The Labour Market Impact of the Working Families' Tax Credit


  • The authors are grateful to Andrew Dilnot and John Vickers for useful comments, and to the Bank of England for financial support for this study. The paper forms part of the research programme of the ESRC Centre for the Microeconomic Analysis of Fiscal Policy at IFS. Data from the Family Resources Survey and the Family Expenditure Survey, made available by the Office for National Statistics through the ESRC Data Archive, have been used by permission of the Controller of Her Majesty's Stationery Office. The authors are responsible for all errors and interpretations.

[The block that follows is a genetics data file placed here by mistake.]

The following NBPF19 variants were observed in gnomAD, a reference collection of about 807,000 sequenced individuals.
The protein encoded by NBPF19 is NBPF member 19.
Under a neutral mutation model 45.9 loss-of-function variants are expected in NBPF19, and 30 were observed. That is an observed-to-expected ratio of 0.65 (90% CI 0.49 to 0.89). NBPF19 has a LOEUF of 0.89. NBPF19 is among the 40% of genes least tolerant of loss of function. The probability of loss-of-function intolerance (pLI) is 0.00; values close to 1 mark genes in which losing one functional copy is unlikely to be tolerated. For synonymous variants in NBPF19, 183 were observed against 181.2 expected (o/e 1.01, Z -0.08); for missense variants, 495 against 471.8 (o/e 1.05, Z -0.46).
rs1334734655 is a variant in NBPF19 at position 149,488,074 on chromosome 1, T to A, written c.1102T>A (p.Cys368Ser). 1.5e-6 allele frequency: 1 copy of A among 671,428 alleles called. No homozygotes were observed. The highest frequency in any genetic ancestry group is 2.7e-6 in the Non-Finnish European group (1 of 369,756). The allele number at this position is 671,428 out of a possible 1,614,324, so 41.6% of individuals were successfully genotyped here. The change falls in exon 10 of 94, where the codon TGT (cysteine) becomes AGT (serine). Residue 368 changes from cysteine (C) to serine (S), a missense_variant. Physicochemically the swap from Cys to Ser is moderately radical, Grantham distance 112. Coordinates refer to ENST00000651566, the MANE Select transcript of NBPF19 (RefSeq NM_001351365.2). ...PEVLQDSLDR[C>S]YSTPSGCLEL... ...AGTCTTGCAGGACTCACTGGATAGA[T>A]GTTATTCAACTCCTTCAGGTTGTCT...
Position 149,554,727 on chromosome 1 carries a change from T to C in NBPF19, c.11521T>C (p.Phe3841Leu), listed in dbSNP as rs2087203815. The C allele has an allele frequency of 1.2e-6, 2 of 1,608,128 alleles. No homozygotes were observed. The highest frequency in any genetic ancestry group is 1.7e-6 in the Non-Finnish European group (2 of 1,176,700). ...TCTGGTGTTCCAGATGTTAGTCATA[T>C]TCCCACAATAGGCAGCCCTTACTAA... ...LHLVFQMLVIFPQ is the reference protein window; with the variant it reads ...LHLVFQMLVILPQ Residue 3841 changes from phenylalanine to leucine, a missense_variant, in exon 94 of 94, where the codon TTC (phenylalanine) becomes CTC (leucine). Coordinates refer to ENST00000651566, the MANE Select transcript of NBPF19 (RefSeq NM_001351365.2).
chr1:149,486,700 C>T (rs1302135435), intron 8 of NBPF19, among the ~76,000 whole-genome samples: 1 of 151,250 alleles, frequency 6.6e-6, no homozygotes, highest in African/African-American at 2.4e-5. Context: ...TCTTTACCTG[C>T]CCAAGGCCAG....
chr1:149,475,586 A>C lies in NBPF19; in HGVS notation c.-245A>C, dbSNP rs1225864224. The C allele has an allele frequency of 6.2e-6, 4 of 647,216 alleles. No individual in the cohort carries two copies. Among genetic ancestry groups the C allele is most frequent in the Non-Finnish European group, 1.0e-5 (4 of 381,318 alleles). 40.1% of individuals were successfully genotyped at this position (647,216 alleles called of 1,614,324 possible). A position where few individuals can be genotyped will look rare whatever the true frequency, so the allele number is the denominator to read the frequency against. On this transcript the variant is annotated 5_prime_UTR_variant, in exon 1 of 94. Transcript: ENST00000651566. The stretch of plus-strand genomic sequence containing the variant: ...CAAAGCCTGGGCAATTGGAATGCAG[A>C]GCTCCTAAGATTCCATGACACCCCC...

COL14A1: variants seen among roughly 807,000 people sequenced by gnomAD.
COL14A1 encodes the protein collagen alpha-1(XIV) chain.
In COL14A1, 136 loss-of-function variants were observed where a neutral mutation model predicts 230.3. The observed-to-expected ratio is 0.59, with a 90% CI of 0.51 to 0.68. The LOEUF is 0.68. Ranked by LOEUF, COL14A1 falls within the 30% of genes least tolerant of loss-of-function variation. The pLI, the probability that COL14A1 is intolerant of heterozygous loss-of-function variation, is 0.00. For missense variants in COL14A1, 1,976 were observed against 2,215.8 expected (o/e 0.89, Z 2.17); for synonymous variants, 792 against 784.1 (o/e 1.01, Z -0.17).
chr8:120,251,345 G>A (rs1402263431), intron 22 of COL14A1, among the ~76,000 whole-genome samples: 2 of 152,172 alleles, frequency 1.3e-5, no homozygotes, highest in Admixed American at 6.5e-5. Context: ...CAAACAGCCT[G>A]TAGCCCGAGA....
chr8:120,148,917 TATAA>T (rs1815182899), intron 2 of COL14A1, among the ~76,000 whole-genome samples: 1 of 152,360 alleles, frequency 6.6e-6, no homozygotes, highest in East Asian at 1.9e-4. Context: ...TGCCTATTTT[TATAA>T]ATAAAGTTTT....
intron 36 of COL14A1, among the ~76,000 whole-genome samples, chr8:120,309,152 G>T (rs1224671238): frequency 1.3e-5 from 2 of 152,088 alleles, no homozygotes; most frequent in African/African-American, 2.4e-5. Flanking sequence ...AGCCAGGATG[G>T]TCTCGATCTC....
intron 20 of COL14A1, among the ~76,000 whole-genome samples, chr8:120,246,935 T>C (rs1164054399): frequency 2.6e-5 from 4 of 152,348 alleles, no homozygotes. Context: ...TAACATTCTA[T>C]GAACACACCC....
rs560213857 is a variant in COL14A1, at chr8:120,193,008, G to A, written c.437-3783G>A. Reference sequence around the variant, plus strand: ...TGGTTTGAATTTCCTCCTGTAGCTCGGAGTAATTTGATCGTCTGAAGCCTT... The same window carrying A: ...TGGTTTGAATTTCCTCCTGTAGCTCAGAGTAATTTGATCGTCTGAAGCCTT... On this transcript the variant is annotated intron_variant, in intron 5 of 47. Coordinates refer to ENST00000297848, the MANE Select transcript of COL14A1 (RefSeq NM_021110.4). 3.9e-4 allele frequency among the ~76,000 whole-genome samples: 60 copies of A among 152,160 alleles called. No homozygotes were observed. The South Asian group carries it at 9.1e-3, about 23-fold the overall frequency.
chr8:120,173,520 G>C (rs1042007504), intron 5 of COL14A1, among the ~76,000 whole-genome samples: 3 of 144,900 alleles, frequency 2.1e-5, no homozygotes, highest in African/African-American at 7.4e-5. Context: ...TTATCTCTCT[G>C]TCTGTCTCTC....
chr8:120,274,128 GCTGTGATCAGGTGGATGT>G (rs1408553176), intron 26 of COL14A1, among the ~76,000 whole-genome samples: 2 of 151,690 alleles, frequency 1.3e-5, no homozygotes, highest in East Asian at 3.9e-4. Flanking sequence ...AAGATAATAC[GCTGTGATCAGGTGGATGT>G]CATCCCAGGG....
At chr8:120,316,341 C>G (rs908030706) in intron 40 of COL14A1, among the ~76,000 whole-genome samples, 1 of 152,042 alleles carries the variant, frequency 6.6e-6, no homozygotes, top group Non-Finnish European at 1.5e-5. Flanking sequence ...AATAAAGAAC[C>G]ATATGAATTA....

In October 1999, the working families' tax credit (WFTC) replaced family credit as the main package of in-work support for families with children. Among a range of stated aims, the WFTC is intended to‘… improve work incentives, encouraging people without work to move into employment'. In this paper, we consider the impact of WFTC on hours and participation. To simulate labour supply responses, we use a discrete behavioural model of household labour supply with controls for fixed and childcare costs, and unobserved heterogeneity. In simulation, we experiment with a number of scenarios regarding the take-up of the credit, entry wage level and hourly childcare price. We find participation rates among single mothers to increase by around 2.2 percentage points for the base-case scenario, while for married women participation rates are modelled to fall. Our simulation results indicate a small increase in overall participation of around 30,000 individuals.